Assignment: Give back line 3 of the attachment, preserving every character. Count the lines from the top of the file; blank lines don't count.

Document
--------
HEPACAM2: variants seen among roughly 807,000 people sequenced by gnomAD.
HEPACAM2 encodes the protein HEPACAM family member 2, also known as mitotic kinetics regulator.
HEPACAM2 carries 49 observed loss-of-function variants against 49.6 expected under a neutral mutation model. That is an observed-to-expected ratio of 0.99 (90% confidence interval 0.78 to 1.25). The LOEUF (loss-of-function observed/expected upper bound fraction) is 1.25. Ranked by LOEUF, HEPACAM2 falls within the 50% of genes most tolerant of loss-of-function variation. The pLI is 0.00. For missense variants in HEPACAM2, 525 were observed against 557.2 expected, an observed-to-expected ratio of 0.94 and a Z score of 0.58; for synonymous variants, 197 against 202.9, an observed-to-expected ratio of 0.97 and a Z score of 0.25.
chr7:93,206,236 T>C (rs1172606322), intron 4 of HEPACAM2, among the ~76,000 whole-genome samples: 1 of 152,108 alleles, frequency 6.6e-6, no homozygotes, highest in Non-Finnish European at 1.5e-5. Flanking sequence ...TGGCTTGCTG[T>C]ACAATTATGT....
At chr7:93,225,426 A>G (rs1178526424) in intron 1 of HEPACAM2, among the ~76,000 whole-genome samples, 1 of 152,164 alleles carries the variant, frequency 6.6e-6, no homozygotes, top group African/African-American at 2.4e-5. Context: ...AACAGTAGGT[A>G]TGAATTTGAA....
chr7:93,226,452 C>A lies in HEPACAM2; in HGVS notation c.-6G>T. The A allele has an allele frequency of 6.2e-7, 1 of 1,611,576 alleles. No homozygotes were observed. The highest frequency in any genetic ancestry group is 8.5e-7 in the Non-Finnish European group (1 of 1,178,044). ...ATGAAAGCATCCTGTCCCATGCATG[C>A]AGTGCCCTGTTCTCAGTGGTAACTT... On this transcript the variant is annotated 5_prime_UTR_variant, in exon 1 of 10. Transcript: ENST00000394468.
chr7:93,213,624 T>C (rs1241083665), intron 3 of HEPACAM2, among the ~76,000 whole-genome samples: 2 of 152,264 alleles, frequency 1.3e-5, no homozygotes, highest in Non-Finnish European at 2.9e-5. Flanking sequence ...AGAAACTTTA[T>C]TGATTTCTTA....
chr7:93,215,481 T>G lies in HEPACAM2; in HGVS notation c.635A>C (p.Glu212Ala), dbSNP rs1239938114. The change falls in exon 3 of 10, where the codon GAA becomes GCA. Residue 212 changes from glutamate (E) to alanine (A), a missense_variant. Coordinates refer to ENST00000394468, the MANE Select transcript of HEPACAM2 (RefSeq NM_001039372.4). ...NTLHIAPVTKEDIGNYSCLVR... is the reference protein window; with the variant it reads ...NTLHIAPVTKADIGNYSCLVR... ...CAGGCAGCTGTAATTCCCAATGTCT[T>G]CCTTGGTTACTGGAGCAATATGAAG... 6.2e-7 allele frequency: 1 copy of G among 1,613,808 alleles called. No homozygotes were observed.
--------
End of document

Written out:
HEPACAM2 carries 49 observed loss-of-function variants against 49.6 expected under a neutral mutation model. That is an observed-to-expected ratio of 0.99 (90% confidence interval 0.78 to 1.25). The LOEUF (loss-of-function observed/expected upper bound fraction) is 1.25. Ranked by LOEUF, HEPACAM2 falls within the 50% of genes most tolerant of loss-of-function variation. The pLI is 0.00. For missense variants in HEPACAM2, 525 were observed against 557.2 expected, an observed-to-expected ratio of 0.94 and a Z score of 0.58; for synonymous variants, 197 against 202.9, an observed-to-expected ratio of 0.97 and a Z score of 0.25.